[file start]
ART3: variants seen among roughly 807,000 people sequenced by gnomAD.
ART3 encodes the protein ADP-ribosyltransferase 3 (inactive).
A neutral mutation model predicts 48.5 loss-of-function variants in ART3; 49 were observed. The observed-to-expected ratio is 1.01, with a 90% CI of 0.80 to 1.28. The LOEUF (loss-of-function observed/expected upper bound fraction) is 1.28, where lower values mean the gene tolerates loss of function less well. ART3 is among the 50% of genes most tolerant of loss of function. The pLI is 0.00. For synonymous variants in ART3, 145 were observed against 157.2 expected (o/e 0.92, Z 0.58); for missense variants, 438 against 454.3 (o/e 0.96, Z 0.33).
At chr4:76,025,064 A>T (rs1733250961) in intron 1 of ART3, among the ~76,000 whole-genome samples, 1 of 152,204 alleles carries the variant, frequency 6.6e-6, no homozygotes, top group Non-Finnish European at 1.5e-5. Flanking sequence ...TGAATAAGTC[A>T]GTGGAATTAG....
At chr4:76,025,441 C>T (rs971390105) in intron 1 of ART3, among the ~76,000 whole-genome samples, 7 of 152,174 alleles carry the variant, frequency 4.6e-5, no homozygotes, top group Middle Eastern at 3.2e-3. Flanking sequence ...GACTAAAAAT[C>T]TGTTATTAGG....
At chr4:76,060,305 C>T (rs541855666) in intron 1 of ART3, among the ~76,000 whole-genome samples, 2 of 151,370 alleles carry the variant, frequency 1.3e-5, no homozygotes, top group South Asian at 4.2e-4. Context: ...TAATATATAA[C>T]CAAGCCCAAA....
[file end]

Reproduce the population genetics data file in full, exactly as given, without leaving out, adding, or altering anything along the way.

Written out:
ART3: variants seen among roughly 807,000 people sequenced by gnomAD.
ART3 encodes the protein ADP-ribosyltransferase 3 (inactive).
A neutral mutation model predicts 48.5 loss-of-function variants in ART3; 49 were observed. The observed-to-expected ratio is 1.01, with a 90% CI of 0.80 to 1.28. The LOEUF (loss-of-function observed/expected upper bound fraction) is 1.28, where lower values mean the gene tolerates loss of function less well. ART3 is among the 50% of genes most tolerant of loss of function. The pLI is 0.00. For synonymous variants in ART3, 145 were observed against 157.2 expected (o/e 0.92, Z 0.58); for missense variants, 438 against 454.3 (o/e 0.96, Z 0.33).
At chr4:76,025,064 A>T (rs1733250961) in intron 1 of ART3, among the ~76,000 whole-genome samples, 1 of 152,204 alleles carries the variant, frequency 6.6e-6, no homozygotes, top group Non-Finnish European at 1.5e-5. Flanking sequence ...TGAATAAGTC[A>T]GTGGAATTAG....
At chr4:76,025,441 C>T (rs971390105) in intron 1 of ART3, among the ~76,000 whole-genome samples, 7 of 152,174 alleles carry the variant, frequency 4.6e-5, no homozygotes, top group Middle Eastern at 3.2e-3. Flanking sequence ...GACTAAAAAT[C>T]TGTTATTAGG....
At chr4:76,060,305 C>T (rs541855666) in intron 1 of ART3, among the ~76,000 whole-genome samples, 2 of 151,370 alleles carry the variant, frequency 1.3e-5, no homozygotes, top group South Asian at 4.2e-4. Context: ...TAATATATAA[C>T]CAAGCCCAAA....